While performing this surgery, a doctor will use equipment known as an arthroscope, which is a special tool with a light and lens on it. The light and the lens will help your doctor to see the inner part of your joint. Before performing the surgery, the doctor will administer general anesthesia and then cut the front part of your ear to make room for the tool's insertion. He/she will hook the tool into a video screen to allow him/her to examine the condition of the temporomandibular joint and the areas around the joint. In case you have inflamed tissues within the joint, the doctor might remove it and realign the joint or the discs.
This surgery is minimally invasive; it only leaves a small scar and has fewer complications. You will not take long to recover from the operation; the recovery time is much shorter than that required for a major operation.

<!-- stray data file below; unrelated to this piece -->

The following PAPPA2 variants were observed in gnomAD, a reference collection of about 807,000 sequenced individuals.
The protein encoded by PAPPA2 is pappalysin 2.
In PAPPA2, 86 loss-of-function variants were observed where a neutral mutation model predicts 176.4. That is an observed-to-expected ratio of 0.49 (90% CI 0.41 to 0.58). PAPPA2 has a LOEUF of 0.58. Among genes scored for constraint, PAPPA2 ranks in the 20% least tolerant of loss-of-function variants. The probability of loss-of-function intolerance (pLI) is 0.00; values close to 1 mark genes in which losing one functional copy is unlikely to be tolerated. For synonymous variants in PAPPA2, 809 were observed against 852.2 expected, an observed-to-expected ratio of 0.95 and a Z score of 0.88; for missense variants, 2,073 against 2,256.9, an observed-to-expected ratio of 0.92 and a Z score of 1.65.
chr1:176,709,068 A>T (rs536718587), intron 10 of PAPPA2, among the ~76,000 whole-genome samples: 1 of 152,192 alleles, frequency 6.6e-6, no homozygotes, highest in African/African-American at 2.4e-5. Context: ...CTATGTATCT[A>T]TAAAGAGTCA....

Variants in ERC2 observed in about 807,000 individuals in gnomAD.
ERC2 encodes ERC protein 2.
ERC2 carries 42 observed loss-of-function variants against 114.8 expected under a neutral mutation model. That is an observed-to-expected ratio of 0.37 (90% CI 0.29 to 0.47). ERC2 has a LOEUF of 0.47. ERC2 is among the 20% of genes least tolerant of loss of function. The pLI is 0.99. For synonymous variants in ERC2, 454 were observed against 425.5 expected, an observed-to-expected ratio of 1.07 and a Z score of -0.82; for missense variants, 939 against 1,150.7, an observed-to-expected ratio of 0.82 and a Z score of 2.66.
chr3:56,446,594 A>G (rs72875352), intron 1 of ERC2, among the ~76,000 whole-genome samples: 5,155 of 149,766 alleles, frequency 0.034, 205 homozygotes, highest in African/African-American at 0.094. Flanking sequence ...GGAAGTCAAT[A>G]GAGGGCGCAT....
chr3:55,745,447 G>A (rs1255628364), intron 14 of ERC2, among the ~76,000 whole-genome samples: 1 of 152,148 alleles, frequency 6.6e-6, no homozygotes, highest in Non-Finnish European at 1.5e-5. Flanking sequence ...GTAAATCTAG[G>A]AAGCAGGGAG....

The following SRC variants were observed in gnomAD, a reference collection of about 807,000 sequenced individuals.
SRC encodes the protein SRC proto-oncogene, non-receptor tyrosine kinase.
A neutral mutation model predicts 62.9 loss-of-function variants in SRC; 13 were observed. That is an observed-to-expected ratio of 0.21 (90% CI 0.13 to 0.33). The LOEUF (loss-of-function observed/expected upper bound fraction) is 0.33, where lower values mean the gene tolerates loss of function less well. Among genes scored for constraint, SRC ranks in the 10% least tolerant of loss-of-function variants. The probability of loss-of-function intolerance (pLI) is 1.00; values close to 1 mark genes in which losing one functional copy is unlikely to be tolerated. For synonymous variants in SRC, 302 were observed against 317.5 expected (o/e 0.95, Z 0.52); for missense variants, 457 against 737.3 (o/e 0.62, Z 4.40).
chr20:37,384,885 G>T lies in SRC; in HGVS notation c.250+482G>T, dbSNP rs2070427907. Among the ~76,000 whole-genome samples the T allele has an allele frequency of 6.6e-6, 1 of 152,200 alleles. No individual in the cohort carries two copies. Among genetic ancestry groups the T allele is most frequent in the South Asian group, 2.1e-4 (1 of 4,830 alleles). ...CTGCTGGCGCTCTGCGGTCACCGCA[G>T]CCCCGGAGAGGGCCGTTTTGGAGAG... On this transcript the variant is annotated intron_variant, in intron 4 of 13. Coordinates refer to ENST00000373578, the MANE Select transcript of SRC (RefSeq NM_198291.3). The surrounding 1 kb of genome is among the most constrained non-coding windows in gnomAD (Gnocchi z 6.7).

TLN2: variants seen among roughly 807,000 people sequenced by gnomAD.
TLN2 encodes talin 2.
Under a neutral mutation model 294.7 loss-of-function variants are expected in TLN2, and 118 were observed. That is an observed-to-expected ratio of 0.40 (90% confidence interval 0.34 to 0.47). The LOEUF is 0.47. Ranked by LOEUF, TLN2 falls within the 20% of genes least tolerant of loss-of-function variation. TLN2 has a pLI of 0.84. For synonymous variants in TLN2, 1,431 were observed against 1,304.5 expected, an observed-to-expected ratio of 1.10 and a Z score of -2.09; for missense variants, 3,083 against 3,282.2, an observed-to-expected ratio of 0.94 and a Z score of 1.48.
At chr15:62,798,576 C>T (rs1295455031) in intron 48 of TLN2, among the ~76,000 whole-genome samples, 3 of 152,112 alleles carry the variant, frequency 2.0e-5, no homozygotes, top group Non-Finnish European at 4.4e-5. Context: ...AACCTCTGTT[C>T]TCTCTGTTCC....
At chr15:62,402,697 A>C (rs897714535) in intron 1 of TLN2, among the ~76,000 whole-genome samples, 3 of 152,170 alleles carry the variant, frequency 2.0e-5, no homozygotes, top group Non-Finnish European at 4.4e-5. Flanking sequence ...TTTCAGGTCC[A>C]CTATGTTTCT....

This surgery will come in handy if it is impossible to perform arthroscopy. If your jaw contains bony structures, which are wearing down, an open-joint surgery would be ideal. This surgery will also be ideal if you have tumors within the temporomandibular joint or around the joint. If your joint contains bone chips or is scarred, an open-joint surgery would be important.
Before performing the surgery, the doctor will administer general anesthesia before opening the entire area around the temporomandibular joint. Opening up the joint will enable the doctor to have better access and view of the joint. An open-joint surgery will need a longer period to heal. With this surgery, there is a higher chance of nerve injury and scarring.
Find a Dentist Near Me
You do not have to endure the pain and the discomfort that comes with temporomandibular disorder. If you suspect that you might be suffering from TMD, you should immediately see a dentist. A dentist will evaluate your situation and recommend the best treatment option. For the best TMD treatment, contact Northridge Dentist at 818-875-0216 and speak to one of our dentists.